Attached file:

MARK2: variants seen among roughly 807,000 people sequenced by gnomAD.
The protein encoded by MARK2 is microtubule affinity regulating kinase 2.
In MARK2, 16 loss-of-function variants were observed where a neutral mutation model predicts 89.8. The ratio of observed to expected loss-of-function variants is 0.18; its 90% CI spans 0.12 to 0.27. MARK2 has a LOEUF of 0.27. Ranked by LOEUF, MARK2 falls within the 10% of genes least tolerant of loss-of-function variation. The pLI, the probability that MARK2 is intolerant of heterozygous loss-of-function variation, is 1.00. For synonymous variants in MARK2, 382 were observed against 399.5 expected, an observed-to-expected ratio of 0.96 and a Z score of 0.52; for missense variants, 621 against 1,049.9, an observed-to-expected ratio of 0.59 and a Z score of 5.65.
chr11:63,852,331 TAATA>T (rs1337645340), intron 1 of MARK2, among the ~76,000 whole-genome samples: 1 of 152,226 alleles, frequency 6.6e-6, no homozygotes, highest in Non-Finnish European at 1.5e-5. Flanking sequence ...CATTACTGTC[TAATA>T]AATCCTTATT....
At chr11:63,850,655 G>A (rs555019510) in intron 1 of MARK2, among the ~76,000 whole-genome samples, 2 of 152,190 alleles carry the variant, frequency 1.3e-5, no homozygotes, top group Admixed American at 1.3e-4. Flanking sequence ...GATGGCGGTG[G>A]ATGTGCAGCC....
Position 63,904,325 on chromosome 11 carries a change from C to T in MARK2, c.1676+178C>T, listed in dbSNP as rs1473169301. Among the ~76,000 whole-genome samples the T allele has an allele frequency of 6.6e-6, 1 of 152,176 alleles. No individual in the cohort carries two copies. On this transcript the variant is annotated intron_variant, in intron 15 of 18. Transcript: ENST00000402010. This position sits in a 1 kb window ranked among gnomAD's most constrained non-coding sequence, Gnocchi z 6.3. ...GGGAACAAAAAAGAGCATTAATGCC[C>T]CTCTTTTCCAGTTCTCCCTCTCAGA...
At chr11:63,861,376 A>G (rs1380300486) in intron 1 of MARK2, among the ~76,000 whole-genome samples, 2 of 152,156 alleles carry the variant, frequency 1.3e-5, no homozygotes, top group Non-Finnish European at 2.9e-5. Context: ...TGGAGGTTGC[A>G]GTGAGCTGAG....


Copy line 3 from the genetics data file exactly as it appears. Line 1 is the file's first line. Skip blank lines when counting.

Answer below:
In MARK2, 16 loss-of-function variants were observed where a neutral mutation model predicts 89.8. The ratio of observed to expected loss-of-function variants is 0.18; its 90% CI spans 0.12 to 0.27. MARK2 has a LOEUF of 0.27. Ranked by LOEUF, MARK2 falls within the 10% of genes least tolerant of loss-of-function variation. The pLI, the probability that MARK2 is intolerant of heterozygous loss-of-function variation, is 1.00. For synonymous variants in MARK2, 382 were observed against 399.5 expected, an observed-to-expected ratio of 0.96 and a Z score of 0.52; for missense variants, 621 against 1,049.9, an observed-to-expected ratio of 0.59 and a Z score of 5.65.